Immediately after you pay the rent and get a receipt, you should put your own padlock on the door of your storage unit. Then you should visit the local Walmart, city6 storage2camping supply stores, and grocery stores and purchase the things your family would need to survive. However, you should have made a comprehensive list ahead of time, along with the estimated cost of each item, so you can quickly purchase the most important things you will need without omitting any critical items. You could load your supplies inside your rental car as you buy them and then take them to your rental unit and store them inside your rental unit. If necessary you can drive back and forth to your rental unit several times. To the extent possible you should avoid attracting attention to yourself. This means it would probably be wise to buy your food items from several different grocery stores in the local or surrounding area instead of making one huge purchase at one store. When you have finished shopping and stocking your rental unit, you should once again lower your rental unit door, put your own personal round padlock  on the sliding door latch, and lock up all your stuff. Then you could drive home and return the rental car. This could all be done in one day, such as on a Saturday, if you had a plan and if you carefully worked your plan. Or you could rent a car for two days and complete your activities over the weekend by spending one night in a motel at the rural town of your choice. The advantage of spending the night in a motel is that it would give you a convenient private place to carefully pack your food and other supplies into your tote containers so you would not be attracting any special attention in public. The next morning you could then easily load your supplies into your rental car and transfer them to your rental unit. If necessary, you could make several trips back and forth from your motel room to your rental unit.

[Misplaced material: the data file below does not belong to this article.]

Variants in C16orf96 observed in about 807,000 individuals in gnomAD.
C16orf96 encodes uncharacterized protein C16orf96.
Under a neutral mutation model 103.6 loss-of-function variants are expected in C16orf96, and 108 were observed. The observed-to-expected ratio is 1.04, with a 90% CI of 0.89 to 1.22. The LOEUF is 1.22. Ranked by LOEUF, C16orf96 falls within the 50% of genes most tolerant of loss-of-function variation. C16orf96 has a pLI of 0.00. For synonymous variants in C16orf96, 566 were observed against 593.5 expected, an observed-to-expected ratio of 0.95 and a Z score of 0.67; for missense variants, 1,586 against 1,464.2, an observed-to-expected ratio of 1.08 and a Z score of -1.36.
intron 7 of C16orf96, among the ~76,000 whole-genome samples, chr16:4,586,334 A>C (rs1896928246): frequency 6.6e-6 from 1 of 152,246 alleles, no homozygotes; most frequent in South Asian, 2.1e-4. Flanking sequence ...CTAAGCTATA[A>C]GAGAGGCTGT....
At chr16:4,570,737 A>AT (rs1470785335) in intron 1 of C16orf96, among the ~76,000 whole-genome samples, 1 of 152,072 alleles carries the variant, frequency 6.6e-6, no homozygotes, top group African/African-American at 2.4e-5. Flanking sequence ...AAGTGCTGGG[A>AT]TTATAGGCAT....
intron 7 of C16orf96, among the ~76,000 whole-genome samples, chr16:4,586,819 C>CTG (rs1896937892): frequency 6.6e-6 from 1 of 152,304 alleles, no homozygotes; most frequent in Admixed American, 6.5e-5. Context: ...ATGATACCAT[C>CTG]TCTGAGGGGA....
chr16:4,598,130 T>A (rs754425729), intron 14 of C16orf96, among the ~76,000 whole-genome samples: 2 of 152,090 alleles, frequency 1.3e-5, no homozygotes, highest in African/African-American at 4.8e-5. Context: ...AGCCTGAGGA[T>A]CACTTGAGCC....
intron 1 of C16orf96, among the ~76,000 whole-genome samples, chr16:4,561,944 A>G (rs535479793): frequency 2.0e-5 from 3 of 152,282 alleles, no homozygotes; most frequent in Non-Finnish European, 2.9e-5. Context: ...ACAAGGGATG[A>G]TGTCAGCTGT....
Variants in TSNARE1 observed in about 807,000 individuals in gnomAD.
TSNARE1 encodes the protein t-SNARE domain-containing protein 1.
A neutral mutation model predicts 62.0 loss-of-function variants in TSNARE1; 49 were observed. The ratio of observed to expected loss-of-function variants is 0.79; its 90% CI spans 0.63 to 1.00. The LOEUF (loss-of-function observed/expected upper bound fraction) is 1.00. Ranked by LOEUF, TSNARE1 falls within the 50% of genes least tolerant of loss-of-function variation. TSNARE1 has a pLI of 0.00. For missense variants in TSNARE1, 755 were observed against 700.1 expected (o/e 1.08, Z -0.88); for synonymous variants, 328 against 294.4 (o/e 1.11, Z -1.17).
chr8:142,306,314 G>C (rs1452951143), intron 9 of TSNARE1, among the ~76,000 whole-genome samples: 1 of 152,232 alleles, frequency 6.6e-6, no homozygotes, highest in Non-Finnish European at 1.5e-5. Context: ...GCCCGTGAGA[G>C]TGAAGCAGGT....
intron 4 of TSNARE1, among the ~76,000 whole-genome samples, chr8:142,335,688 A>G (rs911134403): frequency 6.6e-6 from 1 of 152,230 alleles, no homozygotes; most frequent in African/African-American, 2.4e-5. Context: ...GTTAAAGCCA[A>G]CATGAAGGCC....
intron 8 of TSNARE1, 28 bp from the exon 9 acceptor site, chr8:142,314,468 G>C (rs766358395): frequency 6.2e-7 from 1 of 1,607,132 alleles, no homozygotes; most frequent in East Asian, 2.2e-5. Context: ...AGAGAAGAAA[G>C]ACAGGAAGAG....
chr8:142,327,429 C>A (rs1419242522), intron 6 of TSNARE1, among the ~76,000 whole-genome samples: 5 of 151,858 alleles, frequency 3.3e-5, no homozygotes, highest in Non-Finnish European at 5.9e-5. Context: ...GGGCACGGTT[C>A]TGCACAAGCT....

(Note: As you drive back to your apartment in the city you should write down all the highway mile marker numbers where bridges cross over streams or creeks because these could be potential camp spots for your family if a future disaster forces your family to evacuate your city. You could sleep under the bridge out of the weather and you could replenish your water from the creek by using your portable water filter. Depending on the size of the creek you may be able to catch a fish or two to supplement your food supplies. However, other families may have this same idea so you should be cautious when you first look under a bridge during an actual disaster event. As you continue to drive back to your apartment in the city you should also stop briefly at each community or major suburb along the way and look in the yellow pages of the local phone book. Make a list of the phone numbers of the local Taxi companies, the major churches, and the vehicle rental companies in that area. This information may be very useful to you if you are forced to quickly evacuate your city apartment during a future emergency.)

There are also a few other things you should consider. Depending on where you live, the temperatures inside a rental storage unit will fluctuate from below freezing to over 100 degrees during the course of one year. Most canned foods will not survive freezing without rupturing or exploding. Water will not survive freezing and it will burst its storage container. Insects and mice will chew through paper, cardboard, and thin plastic and consume any easy to reach food items. Moisture, humidity, and mildew will attack and gradually destroy clothes, supplies, and equipment that are not properly stored and protected.